Infrastructure Insanity — Part II
What’s insane about the country’s infrastructure? Think about it! Here we have our most valuable physical assets, our roads and transit systems, bridges and tunnels, drinking water and waste water facilities, levees, inland waterways, airports and ports, electric power generation and transmission systems, and we have allowed them to deteriorate and decay.
Last month’s article on the subject, alluded to the fact that the above headline could just as well been titled “Infrastructure Inanities.” While the two words, insanity and inanity are often equated, according to the New York Times wordsmith, William Safire, there is a difference: “Insane is applied to the health of the mind, and means ‘unsound, unhealthy, mentally deranged, mad,’ though these words carry a stigma and are no longer used by medical professionals in describing mental states.”
Safire further explains, “Inane is Latin for ‘empty’ and came to mean ‘empty headed, silly, vacuous.’ Synonyms today range from ‘foolish, absurd, daft’ to ‘senseless, harebrained, stupid,’ but stop well short of the menacing insane.”
To me these distinctions are artificial and it matters not whether you define our infrastructure policies as insane or inane, or for that matter term our infrastructure policy leaders as insane or inane, the state of our corporeal infrastructure resources is still in dire jeopardy.
The ASCE Wake-Up Call
In 2005, the American Society of Civil Engineers (ASCE), released an elaborate study (conducted every four years) outlining the condition of various infrastructure sectors, using an A to F report card style grading system. The report concluded, “The state of infrastructure in the United States is continuing to deteriorate…the third and most recent of such report cards [indicate] the overall trend is a decline in the state of infrastructure…the cumulative grade for this latest report is a D, whereas the 2001 report card received an overall grade of D+.” The report also estimated that “The United States needed to invest $1.6 trillion over the next five years to bring infrastructure up to an acceptable level.” To produce the report, a panel of 24 of the nation’s leading civil engineers was assembled and an extensive literature review was conducted involving the analysis for hundreds of studies and reports. It also surveyed 2,000 engineers to determine what is happening in their respective fields.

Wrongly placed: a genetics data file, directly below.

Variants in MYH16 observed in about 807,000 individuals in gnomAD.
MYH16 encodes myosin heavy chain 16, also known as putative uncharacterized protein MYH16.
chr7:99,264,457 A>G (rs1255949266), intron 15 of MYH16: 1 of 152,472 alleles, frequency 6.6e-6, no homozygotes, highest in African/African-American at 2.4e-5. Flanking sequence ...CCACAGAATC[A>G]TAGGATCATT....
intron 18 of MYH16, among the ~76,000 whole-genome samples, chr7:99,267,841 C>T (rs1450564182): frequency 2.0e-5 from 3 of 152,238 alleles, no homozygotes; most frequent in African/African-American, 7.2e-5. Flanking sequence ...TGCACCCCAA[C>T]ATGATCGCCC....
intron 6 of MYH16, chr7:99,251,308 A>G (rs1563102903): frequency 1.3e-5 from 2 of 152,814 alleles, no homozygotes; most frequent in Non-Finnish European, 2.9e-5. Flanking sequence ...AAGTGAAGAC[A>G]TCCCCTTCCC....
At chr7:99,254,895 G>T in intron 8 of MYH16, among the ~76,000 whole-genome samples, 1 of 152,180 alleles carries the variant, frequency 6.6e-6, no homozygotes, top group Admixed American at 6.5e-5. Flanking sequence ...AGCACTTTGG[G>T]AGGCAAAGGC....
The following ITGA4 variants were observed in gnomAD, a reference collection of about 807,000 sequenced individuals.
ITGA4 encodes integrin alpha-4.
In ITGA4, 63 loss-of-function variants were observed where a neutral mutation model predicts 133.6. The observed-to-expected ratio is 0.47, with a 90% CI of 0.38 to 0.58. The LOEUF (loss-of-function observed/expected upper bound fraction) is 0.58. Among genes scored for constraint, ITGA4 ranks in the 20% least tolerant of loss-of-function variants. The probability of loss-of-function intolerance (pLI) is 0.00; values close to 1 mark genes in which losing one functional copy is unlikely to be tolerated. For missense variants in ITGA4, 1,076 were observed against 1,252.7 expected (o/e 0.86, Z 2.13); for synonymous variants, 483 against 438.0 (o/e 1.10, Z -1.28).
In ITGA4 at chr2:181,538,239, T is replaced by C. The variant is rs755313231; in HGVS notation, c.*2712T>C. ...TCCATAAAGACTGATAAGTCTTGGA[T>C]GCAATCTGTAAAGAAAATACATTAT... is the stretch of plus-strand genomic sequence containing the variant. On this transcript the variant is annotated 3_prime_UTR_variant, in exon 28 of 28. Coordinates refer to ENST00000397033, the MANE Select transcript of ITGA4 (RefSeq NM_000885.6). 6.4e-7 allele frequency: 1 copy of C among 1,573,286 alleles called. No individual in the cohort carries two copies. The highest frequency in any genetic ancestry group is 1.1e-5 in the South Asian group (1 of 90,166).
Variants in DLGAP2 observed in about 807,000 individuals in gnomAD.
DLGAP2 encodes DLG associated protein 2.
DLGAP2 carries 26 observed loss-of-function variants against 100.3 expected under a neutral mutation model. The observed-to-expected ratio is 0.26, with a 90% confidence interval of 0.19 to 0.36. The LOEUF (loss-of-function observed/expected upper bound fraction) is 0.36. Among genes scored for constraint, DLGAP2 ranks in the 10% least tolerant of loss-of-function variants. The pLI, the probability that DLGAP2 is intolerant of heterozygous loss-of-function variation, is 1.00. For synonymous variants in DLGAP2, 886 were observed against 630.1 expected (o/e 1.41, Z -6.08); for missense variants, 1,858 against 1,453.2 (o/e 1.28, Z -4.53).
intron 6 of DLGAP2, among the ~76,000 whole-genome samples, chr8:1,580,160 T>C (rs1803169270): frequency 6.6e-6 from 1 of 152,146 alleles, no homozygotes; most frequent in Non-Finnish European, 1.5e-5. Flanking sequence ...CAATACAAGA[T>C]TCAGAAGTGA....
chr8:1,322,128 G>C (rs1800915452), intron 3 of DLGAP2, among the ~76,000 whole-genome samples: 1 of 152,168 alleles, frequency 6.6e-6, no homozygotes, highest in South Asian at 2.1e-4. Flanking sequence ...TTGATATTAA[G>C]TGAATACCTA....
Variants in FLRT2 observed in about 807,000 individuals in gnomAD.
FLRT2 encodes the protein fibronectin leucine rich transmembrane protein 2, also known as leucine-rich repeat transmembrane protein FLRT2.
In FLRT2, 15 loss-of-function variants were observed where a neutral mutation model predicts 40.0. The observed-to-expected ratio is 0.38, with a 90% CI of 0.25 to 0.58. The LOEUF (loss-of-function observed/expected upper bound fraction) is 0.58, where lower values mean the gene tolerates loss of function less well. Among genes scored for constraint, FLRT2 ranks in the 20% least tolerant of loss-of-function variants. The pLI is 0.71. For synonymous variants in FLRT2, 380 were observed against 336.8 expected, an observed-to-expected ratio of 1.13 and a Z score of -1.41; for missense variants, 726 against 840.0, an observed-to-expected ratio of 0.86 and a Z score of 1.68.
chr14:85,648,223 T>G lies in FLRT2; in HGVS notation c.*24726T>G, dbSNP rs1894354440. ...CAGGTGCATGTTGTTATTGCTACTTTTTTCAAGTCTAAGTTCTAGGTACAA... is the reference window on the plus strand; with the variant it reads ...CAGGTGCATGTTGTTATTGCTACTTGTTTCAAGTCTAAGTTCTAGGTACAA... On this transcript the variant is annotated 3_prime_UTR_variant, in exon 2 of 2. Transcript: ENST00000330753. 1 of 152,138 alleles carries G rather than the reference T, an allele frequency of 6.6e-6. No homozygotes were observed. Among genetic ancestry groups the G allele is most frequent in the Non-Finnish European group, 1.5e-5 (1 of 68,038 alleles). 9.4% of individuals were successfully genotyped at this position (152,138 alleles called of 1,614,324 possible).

However as the saying goes, “That was then, and now is now.” In other words, without exception, every time the ASCE estimate is quoted, in newspapers, magazines, or web sites, that same number, $1.6 trillion is mentioned, even today, three years later. Has no one heard of the word “inflation?” More importantly, the prices of basic construction materials such as steel, aluminum, copper, cement, petroleum based products such as asphalt, plastics, and other commodities have in some cases doubled over the past three years. As a result, it is quite probable that despite the recent subsiding price trend of commodities, the 2009 report will undoubtedly reflect a number well over $2 trillion.
That an expenditure of this magnitude is required may be better understood if the enormity of our current infrastructure inventory is comprehended. For example, the United States has 4 million miles of road, 600,000 bridges, 26,000 miles of navigable waterways, 11,000 miles of transit lines, 500 train stations, 300 ports, 19,000 airports — and that just covers the transportation section. The purpose of that report is to emphasize that many existing facilities are inadequate in numbers or size to fulfill the needs of the existing population, and others are aging, needing continuing repair maintenance or replacement. While not all of the existing infrastructure entities are inadequate or crumbling, that ASCE “D-” report is troubling.